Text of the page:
First Night Saratoga is the Capital Region’s premier New Year’s Eve event, but 2013 will be welcomed in a variety of ways and locations throughout the region.
In Schenectady, for example, Proctors on State Street has a full slate of New Year’s Eve performances scheduled.
First Night of Funny, a showcase of four professional comedians, will start with the laughs at 8 p.m. on the Proctors main stage.
The Funk-n-Country New Year’s Eve Bash will start at 9:30 p.m. Dec. 31 in the GE Theater at Proctors with Funk Revolution and Skeeter Creek performing. The musical event, with New York City-inspired foods, culminates at midnight with a live, high-definition feed of the ball dropping in Manhattan’s Times Square and fireworks over the Statue of Liberty. For more information, see www.proctors.org.
Fred Astaire and Ginger Rogers will dance again with the showing of the 1936 classic “Swing Time,” with screenings at 2:30 p.m., 4:45 p.m. and 7 p.m. Dec. 31 in the GE Theater at Proctors. Tickets are $5.
Planning started 11 months ago for First Night Saratoga, said Joel Reed, executive director of Saratoga Arts.
Saratoga Arts is coordinating the family-friendly, alcohol-free event in downtown Saratoga Springs that starts at 6 p.m. Monday, Dec. 31.
“Explore the Night” is the theme of this year’s First Night. More than 30 venues up and down Broadway and other locations will provide a variety of entertainment, from live music such as Alex Torres and his Latin Orchestra to First Fest, a gathering of seven up-and-coming new rock bands appearing at the Saratoga Springs City Center.
Storefronts along Broadway will feature performers, dancers, artwork and singing groups.
Young people will enjoy the juggling, tumbling antics of Buccaneer Bindlestiff’s Swashbuckling Circus from Brooklyn performing at the Lake Avenue Elementary School, said Jackie Marchand, the First Night coordinator for Saratoga Arts.
“We encourage people to go out and see something new,” Marchand said about the “Explore the Night” theme.
The new First Night Saratoga poster, which is used on the First Night buttons, was created by Sharon Bolton of Ambrosino Design Inc. of Saratoga Springs. This design group has won national awards for their First Night posters over the years.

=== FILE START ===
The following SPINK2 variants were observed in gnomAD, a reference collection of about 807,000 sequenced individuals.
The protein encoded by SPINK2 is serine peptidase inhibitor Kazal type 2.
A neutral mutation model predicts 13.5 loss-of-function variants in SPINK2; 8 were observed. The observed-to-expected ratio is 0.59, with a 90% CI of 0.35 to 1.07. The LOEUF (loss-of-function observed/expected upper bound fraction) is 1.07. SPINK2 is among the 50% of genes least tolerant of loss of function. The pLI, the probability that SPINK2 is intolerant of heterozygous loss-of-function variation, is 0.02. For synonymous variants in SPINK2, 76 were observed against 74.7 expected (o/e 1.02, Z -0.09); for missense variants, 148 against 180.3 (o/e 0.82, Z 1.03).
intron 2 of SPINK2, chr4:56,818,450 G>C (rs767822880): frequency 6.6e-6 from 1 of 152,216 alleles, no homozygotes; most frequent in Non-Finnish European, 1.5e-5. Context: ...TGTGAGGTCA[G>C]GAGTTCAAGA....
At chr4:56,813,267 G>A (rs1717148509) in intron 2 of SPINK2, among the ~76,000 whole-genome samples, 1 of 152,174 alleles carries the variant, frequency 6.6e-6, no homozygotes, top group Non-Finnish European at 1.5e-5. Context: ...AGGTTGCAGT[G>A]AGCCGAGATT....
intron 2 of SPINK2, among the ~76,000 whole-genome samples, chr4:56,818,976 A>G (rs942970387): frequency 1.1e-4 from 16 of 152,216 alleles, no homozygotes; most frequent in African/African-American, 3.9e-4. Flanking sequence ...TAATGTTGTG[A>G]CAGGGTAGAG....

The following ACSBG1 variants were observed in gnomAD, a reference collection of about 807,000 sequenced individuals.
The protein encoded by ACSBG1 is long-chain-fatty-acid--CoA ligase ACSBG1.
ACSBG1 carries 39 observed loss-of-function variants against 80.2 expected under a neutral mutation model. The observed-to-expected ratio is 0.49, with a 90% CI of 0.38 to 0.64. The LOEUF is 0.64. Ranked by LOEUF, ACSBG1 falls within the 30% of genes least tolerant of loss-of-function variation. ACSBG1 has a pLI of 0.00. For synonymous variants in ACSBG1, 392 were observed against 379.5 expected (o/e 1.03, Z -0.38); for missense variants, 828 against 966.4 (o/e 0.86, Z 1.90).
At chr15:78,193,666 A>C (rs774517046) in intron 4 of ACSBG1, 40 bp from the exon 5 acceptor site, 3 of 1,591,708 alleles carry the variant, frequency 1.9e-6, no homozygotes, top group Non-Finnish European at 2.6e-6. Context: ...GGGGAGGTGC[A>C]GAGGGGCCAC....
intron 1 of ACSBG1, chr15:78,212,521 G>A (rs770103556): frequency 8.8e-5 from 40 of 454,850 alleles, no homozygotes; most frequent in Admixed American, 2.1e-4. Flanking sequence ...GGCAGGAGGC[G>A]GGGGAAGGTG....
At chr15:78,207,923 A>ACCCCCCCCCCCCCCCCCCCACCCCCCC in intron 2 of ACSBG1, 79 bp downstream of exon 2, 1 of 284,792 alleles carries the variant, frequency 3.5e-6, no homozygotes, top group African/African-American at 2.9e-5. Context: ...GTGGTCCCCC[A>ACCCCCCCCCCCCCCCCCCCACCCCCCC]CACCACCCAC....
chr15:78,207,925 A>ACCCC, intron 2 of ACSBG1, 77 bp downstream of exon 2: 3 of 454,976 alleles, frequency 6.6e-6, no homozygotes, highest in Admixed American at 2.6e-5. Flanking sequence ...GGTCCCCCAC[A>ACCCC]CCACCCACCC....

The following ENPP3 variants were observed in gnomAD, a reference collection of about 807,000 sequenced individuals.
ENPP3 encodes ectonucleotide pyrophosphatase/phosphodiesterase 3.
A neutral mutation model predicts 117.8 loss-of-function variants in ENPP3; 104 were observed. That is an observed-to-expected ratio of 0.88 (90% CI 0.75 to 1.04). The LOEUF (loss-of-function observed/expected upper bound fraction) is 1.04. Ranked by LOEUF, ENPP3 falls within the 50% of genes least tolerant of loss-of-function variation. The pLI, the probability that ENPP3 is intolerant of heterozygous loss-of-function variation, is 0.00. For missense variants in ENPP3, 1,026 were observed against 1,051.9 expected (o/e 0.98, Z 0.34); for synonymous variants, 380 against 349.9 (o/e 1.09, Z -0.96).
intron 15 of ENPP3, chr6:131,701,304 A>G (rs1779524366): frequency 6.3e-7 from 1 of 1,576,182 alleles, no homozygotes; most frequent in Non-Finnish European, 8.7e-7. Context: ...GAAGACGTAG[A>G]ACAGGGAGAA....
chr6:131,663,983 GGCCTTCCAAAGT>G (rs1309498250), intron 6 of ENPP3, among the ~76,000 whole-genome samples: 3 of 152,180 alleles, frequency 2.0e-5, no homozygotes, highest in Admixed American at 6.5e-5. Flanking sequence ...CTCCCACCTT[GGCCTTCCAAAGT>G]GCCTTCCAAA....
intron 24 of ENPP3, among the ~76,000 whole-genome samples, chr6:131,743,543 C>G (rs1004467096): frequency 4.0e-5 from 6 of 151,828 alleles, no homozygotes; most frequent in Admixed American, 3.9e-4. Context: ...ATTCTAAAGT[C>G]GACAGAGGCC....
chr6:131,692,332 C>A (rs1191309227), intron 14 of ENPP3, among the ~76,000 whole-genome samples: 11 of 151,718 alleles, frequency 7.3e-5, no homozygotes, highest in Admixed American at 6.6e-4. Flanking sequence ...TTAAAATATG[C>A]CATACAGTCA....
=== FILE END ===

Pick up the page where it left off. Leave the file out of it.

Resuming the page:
“This is the biggest New Year’s Eve celebration between Manhattan and Montreal,” Marchand said. An estimated 15,000 attended last year’s First Night, and this year’s edition is expected to attract a similar crowd.
CDTA buses will be providing free rides from a variety of parking locations to downtown Saratoga all night long.
The 15th annual First Night 5K race will start at 5:30 p.m. from Skidmore College’s athletic complex on the college’s North Broadway campus.
The First Night organizers are offering an Early Bird $2 discount on the $15 fee for a First Night button that gets a person into all of the performance locations. Those purchasing First Night buttons before Dec. 1 are eligible for the discount. For more information, visit www.saratoga-arts.org and click on First Night Saratoga.
First Night Saratoga buttons will also be sold throughout the region at Stewart’s Shops, Price Chopper supermarkets and Adirondack Trust Co. bank locations, among other locations.
Marchand said 250 volunteers are needed to staff First Night.
“We have a lot of repeat volunteers,” she said. But more are needed.
“You get a free button and poster, and you just have to volunteer for a three-hour shift,” Marchand said. For more information on volunteering, email firstname.lastname@example.org.
General Electric is sponsoring “GE Kids in Free” for First Night. When an adult buys a First Night button, there will be a coupon attached that can be redeemed at Saratoga Arts at 320 Broadway, the Saratoga Springs City Center at 522 Broadway or the Lake Avenue Elementary School for a wristband that will allow one free admission of a child 12 and younger.
First Night Saratoga is one of only four such events held in the state. The other First Nights are held in Saranac Lake, Buffalo and Syracuse.
First Night Saranac Lake includes more than 75 performers at 12 venues throughout the Adirondack town. More than 2,000 adults and children attended last year’s event.
The city of Albany and other cities in the Capital Region have held First Nights in the past but no longer host the events.
One of the more popular year-end events in Albany is the 16th annual Last Run, a 5K road race that starts at 5 p.m. Dec. 15 on State Street near the Capitol. The runners go through Washington Park and jog past the holiday lights.
Fireworks are set off at the start of the run on Washington Avenue near the Empire State Plaza, according to city officials. The run generally sells out its 1,500 slots well before Thanksgiving.
And on New Year’s Day, some people like to take a refreshing dip in Lake George as part of the annual Polar Plunge held each year in Lake George Village’s Shepard Park Beach at 2 p.m. Jan. 1.